Schools would receive $100 billion to improve public school buildings, community-colleges would get $12 billion to improve their technology and facilities, and $25 billion would go to child-care facilities and incentives for employers to offer on-site child care.

While there are still some issues that remain on the report card above that aren't directly addressed, Biden's bill does account for important infrastructure issues that aren’t included in the ASCE report card such as broadband internet, housing, semiconductors, and important science/climate research that are critical to the country’s future.

Broadband Internet

Broadband internet should be considered infrastructure as someone who doesn't have internet access will fall behind fast in today's increasingly online world. The bill includes $100 billion to help bring high-speed internet access to every single American.


The bill would allocate $213 billion to build and renovate two million affordable homes in addition to creating tax credits for low-income housing and $40 billion for public housing.

Research and Development, Manufacturing

The bill will provide $300 billion in aid for manufacturing initiatives with $50 billion going to semiconductor manufacturing, $50 billion going to the National Science Foundation to create a technology directorate and $50 billion for a new office at the Department of Commerce dedicated to monitoring the production of critical goods for the US economy.

While semiconductors may not be considered infrastructure, basically everything in technology needs a semiconductor chip to run properly. A semiconductor chip may be small in size, but it is critical for American society to function.

Research infrastructure like labs at universities and federal agencies will receive $180 billion to create initiatives focused on climate change and gender/racial inequities in science, math and technology.

Final thoughts on the infrastructure bill

While the proposed bill may not fix every single issue facing America's infrastructure, it spends big and addresses many crucial items that can drastically improve the future of every single American.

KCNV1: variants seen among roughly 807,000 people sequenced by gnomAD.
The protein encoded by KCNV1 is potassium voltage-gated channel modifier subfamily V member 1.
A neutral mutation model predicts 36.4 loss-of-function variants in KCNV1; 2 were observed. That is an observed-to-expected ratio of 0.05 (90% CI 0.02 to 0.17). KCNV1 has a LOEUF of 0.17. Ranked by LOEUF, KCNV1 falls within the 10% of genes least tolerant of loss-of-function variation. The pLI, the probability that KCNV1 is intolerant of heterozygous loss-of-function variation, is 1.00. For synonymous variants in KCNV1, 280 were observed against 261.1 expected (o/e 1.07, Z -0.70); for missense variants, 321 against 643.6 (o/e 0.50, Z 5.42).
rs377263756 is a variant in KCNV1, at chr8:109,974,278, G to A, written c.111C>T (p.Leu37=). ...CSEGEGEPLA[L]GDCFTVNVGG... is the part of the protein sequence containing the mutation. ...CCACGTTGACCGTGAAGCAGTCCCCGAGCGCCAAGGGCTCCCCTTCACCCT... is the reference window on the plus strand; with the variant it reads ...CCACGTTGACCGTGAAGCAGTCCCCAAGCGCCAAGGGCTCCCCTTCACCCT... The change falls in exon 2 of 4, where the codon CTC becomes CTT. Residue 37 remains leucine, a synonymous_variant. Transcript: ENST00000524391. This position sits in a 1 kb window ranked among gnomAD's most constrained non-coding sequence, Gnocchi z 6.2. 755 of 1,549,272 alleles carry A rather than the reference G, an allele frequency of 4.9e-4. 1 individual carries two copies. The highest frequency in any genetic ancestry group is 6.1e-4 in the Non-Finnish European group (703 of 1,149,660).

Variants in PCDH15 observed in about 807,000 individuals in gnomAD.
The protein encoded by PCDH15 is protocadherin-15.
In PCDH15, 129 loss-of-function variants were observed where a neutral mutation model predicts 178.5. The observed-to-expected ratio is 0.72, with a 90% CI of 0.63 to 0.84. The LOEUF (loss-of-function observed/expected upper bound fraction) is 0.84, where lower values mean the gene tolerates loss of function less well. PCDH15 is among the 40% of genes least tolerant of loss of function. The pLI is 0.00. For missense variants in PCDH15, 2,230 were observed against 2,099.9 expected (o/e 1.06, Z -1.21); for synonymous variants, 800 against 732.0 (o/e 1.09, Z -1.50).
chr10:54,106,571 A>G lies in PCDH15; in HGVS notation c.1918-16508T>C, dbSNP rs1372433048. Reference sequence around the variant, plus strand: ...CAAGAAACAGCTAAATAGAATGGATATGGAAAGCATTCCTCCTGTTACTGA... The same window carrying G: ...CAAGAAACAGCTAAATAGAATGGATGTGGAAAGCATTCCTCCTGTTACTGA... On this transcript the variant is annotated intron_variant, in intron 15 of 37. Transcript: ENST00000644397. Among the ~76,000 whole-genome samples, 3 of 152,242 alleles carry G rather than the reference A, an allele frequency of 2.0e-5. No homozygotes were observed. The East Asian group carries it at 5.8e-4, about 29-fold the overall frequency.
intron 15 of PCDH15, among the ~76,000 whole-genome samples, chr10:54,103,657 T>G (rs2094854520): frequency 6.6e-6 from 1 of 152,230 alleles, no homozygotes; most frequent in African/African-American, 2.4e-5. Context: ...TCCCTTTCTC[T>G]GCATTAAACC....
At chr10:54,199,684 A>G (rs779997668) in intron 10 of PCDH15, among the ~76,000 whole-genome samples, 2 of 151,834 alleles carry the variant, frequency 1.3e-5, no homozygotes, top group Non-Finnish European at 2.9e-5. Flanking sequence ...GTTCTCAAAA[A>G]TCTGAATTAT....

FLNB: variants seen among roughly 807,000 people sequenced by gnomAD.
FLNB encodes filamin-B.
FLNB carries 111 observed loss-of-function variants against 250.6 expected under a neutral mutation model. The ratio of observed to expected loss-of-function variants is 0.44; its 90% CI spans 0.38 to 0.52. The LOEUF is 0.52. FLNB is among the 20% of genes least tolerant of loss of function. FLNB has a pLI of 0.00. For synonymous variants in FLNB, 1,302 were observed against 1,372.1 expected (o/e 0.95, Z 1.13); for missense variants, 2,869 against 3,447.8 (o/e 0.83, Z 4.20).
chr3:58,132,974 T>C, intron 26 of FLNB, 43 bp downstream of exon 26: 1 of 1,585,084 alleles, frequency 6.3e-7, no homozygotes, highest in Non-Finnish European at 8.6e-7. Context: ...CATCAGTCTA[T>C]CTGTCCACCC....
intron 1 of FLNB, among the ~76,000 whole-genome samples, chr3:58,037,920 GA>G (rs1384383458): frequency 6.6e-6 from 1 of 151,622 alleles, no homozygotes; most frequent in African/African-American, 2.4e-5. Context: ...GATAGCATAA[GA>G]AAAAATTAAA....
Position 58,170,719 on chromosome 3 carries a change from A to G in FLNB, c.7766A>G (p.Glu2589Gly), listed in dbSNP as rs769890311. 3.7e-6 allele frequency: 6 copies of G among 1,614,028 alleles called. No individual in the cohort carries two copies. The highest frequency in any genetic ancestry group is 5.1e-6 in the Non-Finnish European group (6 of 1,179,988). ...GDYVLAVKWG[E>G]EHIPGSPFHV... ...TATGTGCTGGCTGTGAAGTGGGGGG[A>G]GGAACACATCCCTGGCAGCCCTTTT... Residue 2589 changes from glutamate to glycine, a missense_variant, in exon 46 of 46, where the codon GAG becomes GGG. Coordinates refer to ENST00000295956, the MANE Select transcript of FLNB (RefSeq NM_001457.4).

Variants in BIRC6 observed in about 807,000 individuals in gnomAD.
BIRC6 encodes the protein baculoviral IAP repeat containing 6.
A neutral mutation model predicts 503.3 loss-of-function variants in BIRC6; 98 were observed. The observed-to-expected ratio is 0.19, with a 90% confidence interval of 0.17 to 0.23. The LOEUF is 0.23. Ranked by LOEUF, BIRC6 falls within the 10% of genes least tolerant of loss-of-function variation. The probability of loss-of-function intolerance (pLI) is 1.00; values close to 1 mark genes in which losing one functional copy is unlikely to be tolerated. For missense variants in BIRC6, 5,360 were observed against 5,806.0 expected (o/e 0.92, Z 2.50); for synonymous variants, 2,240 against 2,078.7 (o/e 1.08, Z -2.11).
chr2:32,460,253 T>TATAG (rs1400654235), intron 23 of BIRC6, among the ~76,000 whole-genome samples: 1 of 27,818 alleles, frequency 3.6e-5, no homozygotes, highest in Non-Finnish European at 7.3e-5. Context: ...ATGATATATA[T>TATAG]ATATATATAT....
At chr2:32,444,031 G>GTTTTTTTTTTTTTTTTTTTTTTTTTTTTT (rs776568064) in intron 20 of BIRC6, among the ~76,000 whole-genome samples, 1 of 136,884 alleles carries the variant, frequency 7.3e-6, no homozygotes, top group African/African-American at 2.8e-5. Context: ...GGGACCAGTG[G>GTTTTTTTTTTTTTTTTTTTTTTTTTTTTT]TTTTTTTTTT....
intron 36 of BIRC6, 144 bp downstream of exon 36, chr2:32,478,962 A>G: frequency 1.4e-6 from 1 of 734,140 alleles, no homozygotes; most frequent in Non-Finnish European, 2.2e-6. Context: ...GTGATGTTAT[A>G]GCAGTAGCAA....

Of course, the bill is a long way from being passed and faces some difficulties, such as the Republican party who may try to block the bill citing the budget deficit, which could lead to some initiatives possibly being withdrawn from the bill.

Nonetheless, massive infrastructure spending is needed to ensure a bright future for the American people and Biden is taking a necessary step in the right direction by wanting to spend over $2 trillion on infrastructure.

"The country needs a bold new commitment to public investment," said Bloomberg's editorial board. "The U.S. is visibly falling behind. Any recent traveler to Beijing or Shanghai is struck by how shabby American airports and city grids look in comparison. And this isn’t just about appearances. China is proving that modern infrastructure is an essential component of industrial competitiveness and economic growth. Unless something changes, Washington’s neglect of roads, bridges and other connective tissue, plus failure to invest in the infrastructure of the future — from digital access to clean power grids — will condemn the U.S. to relative economic decline."


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About Ryan Lipton:

Ryan is a graduate from the University of North Carolina at Chapel Hill and majored in Business Journalism. He has written in the past for SB Nation's Silver and Black Pride, USA Today Sports Media Group, North Carolina Business News Wire, the Daily Tar Heel, and has worked with Ice Cube's BIG3 basketball league.

For more of Ryan Lipton's articles click here.